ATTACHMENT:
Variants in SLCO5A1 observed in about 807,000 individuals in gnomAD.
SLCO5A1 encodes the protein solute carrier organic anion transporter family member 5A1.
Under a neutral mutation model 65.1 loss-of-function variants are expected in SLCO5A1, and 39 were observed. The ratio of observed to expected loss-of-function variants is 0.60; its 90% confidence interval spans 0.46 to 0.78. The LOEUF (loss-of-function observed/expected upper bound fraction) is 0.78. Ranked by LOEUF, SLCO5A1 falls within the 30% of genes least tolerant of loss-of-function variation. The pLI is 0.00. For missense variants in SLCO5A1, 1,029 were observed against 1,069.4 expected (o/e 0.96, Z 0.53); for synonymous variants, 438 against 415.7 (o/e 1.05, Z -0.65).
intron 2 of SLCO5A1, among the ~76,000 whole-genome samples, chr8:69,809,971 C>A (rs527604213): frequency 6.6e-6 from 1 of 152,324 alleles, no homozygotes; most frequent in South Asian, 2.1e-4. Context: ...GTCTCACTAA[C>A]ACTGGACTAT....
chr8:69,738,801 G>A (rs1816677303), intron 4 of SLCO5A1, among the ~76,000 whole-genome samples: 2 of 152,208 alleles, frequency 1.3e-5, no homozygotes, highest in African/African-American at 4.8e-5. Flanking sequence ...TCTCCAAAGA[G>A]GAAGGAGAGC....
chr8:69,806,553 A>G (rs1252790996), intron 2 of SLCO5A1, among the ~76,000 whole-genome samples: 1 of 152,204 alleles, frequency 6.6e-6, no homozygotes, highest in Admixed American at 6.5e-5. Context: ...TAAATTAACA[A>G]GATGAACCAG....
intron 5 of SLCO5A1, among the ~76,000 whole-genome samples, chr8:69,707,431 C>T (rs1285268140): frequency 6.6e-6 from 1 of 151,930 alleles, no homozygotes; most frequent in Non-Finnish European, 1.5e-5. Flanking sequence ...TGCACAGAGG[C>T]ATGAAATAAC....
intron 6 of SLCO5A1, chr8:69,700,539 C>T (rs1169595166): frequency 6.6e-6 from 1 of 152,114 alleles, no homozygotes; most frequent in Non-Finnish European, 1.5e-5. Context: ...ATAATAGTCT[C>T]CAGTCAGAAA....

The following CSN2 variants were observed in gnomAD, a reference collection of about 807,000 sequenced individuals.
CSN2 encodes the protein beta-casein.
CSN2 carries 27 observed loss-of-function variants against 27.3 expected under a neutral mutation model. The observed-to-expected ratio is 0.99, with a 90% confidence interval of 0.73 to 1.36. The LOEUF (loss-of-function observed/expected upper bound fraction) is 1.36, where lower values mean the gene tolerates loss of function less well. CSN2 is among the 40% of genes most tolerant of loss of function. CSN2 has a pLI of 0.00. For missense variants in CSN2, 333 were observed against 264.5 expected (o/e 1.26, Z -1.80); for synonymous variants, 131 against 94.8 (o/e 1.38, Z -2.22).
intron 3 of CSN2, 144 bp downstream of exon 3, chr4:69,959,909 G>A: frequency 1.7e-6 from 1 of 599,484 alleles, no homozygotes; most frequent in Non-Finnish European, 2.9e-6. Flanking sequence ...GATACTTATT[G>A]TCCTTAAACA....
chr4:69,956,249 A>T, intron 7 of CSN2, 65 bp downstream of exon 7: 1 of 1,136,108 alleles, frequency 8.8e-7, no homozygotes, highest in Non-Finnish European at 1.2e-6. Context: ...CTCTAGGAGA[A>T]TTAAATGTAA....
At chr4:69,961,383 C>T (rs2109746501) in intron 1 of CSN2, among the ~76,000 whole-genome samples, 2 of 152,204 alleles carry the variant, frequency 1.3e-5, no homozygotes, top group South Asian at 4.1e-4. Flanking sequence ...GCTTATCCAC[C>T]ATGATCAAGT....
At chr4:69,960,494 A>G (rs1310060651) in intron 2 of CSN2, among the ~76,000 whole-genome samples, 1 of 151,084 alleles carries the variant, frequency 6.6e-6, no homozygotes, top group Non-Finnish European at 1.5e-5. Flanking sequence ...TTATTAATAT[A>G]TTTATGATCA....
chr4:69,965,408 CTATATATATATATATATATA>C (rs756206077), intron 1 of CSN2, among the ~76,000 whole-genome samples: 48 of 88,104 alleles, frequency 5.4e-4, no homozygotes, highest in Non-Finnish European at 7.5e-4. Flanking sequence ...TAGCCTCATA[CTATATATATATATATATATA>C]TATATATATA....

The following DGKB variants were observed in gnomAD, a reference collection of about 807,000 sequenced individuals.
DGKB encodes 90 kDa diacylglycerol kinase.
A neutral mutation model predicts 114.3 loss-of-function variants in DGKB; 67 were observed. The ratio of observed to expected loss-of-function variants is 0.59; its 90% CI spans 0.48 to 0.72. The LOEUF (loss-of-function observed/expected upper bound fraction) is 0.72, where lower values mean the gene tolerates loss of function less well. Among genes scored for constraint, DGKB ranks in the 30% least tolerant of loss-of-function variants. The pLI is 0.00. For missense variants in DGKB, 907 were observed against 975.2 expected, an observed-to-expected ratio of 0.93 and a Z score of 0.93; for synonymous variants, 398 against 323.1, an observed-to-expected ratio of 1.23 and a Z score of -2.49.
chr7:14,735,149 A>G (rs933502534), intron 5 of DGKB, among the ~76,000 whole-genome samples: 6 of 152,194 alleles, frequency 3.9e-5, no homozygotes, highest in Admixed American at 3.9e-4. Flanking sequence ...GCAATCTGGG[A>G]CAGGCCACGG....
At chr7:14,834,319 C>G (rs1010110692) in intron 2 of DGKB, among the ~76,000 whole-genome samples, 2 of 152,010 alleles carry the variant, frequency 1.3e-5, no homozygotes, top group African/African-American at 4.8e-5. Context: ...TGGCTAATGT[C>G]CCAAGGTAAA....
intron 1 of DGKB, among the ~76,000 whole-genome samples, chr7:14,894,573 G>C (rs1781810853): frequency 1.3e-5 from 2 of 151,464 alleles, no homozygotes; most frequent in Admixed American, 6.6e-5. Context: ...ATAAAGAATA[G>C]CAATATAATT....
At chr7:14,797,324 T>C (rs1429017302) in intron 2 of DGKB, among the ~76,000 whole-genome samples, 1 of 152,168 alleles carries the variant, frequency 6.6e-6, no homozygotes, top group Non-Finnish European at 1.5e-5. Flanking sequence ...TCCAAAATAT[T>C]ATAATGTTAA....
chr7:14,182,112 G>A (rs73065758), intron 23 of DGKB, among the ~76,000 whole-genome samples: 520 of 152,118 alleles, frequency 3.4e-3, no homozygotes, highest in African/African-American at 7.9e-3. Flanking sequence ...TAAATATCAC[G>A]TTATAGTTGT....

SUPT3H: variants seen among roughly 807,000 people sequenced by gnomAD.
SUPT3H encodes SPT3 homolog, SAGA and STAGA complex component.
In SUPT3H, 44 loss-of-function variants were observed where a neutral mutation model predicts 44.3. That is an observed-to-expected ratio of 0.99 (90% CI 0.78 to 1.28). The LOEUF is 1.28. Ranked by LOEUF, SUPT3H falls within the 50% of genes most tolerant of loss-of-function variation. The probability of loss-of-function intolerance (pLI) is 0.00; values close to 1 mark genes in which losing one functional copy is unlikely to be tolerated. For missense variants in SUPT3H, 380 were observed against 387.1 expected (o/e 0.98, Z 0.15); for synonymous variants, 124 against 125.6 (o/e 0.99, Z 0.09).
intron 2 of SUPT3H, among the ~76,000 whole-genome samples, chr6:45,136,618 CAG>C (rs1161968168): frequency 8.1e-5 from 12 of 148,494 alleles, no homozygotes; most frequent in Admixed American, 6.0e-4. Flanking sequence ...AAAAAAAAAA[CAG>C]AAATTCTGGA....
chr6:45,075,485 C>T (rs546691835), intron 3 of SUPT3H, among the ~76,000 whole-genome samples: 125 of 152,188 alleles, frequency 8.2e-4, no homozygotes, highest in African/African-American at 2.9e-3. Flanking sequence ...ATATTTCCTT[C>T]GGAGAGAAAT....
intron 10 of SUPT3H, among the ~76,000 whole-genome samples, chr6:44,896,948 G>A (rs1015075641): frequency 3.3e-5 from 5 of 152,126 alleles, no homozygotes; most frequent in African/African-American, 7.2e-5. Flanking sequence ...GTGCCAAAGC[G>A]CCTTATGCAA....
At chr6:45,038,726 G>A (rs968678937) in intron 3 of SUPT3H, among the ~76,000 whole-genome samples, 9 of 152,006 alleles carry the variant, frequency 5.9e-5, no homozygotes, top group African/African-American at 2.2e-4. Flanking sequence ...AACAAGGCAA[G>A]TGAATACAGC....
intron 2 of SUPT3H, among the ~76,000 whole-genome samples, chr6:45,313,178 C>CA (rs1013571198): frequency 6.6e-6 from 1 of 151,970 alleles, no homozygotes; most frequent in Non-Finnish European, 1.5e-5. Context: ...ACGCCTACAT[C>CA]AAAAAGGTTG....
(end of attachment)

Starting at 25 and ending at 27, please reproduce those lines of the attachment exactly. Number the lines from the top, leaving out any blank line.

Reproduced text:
SUPT3H: variants seen among roughly 807,000 people sequenced by gnomAD.
SUPT3H encodes SPT3 homolog, SAGA and STAGA complex component.
In SUPT3H, 44 loss-of-function variants were observed where a neutral mutation model predicts 44.3. That is an observed-to-expected ratio of 0.99 (90% CI 0.78 to 1.28). The LOEUF is 1.28. Ranked by LOEUF, SUPT3H falls within the 50% of genes most tolerant of loss-of-function variation. The probability of loss-of-function intolerance (pLI) is 0.00; values close to 1 mark genes in which losing one functional copy is unlikely to be tolerated. For missense variants in SUPT3H, 380 were observed against 387.1 expected (o/e 0.98, Z 0.15); for synonymous variants, 124 against 125.6 (o/e 0.99, Z 0.09).